Personal Statement: How to improve
Many schools ask applicants to submit a written personal statement or essay as part of the admissions process. When university admissions officers read this part of the application, they may want to see whether the student can contribute to the school and if the school can meet his or her needs. The personal statement gives universities a chance to get a personal insight that is not possible in the grades and numbers that make up the rest of the application. Colleges look for certain qualities in potential students and tailor their essay questions accordingly.
Application essays also allow admissions officers to assess your writing skills, academic ability, organizational skills, purpose in applying to the institution and the reasons for your chosen field of study. Admissions officers look for a demonstration of intellectual curiosity and maturity. Write the essay in advance so that you have time to put it aside for a week and then read it again to see if it still makes sense.
Make sure that your essay is a true representation of yourself and your abilities. Admissions officers read several hundred essays each year and have become experts at identifying fake essays or those written by parents. The essay is your opportunity to tell the college why it should accept you over other studentsâuse it well. The dos and don'ts of writing SOP:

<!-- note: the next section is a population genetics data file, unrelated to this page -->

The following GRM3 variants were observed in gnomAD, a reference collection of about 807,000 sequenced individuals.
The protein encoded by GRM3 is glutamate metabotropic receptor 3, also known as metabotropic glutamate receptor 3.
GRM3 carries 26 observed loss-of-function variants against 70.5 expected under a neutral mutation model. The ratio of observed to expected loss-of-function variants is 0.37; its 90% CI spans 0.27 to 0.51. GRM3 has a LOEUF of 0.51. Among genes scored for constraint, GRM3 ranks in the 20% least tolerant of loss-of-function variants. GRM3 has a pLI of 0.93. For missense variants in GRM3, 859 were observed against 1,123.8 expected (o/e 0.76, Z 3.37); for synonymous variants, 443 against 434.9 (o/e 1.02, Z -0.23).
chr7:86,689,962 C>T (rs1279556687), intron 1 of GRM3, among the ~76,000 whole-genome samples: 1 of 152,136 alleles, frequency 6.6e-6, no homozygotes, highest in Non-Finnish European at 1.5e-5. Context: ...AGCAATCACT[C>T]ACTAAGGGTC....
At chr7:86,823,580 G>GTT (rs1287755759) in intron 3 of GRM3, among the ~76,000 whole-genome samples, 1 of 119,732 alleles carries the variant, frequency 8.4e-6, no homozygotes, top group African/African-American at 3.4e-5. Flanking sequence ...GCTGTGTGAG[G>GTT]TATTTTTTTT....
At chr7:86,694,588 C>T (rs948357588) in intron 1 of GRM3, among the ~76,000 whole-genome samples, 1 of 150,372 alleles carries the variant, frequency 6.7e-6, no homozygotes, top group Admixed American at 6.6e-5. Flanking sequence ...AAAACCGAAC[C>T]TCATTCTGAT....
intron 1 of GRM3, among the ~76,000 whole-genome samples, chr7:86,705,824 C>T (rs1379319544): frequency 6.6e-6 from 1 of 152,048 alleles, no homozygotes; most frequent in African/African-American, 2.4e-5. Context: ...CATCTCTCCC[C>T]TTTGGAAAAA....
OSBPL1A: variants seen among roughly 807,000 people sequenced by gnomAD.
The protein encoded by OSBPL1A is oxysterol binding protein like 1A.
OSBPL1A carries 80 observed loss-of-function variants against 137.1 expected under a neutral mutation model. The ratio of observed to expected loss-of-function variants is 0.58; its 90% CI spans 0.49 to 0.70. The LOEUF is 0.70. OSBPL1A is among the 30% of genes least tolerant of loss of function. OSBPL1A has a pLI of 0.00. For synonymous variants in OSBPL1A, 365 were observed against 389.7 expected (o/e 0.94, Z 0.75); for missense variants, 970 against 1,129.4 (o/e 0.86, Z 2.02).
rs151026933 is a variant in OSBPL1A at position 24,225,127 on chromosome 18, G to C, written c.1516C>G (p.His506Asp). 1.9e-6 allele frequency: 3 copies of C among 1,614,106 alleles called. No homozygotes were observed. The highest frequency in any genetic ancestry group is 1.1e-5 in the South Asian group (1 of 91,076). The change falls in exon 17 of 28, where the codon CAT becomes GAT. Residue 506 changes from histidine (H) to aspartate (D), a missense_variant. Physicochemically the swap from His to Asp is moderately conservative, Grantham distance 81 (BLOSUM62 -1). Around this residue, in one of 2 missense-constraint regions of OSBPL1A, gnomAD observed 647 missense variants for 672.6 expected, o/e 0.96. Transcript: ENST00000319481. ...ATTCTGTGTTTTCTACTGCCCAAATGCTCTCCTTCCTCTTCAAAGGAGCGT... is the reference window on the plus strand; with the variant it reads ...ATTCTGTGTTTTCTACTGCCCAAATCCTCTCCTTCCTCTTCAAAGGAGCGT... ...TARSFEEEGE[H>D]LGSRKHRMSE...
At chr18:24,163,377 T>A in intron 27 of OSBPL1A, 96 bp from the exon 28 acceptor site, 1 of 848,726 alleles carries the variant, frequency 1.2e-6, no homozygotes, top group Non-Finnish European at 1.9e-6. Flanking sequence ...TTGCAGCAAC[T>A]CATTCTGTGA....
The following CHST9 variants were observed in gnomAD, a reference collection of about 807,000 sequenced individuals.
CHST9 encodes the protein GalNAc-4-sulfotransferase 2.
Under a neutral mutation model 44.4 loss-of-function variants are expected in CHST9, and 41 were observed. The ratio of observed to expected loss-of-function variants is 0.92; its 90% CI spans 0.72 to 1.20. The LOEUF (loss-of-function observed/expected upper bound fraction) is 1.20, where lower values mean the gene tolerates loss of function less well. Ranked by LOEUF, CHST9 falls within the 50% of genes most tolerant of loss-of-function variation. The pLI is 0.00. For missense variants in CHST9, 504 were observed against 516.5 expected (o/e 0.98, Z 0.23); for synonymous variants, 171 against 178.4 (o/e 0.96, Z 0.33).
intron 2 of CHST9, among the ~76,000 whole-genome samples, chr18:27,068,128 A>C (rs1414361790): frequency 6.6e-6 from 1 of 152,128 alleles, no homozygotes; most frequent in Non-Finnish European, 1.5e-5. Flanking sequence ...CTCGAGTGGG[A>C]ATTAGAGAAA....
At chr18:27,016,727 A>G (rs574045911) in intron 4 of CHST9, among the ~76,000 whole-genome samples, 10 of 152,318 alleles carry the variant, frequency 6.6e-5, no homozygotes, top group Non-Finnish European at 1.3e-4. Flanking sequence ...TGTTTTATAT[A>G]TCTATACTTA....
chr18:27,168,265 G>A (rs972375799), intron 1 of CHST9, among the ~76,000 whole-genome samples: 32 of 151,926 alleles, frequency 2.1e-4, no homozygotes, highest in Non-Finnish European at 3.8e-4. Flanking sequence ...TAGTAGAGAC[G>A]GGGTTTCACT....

â¢ Answer the question asked.
â¢ Focus on a specific incident or event you remember wellâdetails are important.
â¢ Consider explaining anything unusual that has influenced your school or home life.
â¢ Ask others to proofread it for grammatical and spelling errors.
â¢ Let someone else write the essay for you.
â¢ Choose a topic merely to look good.
â¢ Say what you think the college wants to hear; just tell the truth about your reasons for applying.
â¢ Skip opportunities to write more about yourself.
â¢ Write the essay, or any other part of your application, the night before it is due.
Article Courtesy – Span magazine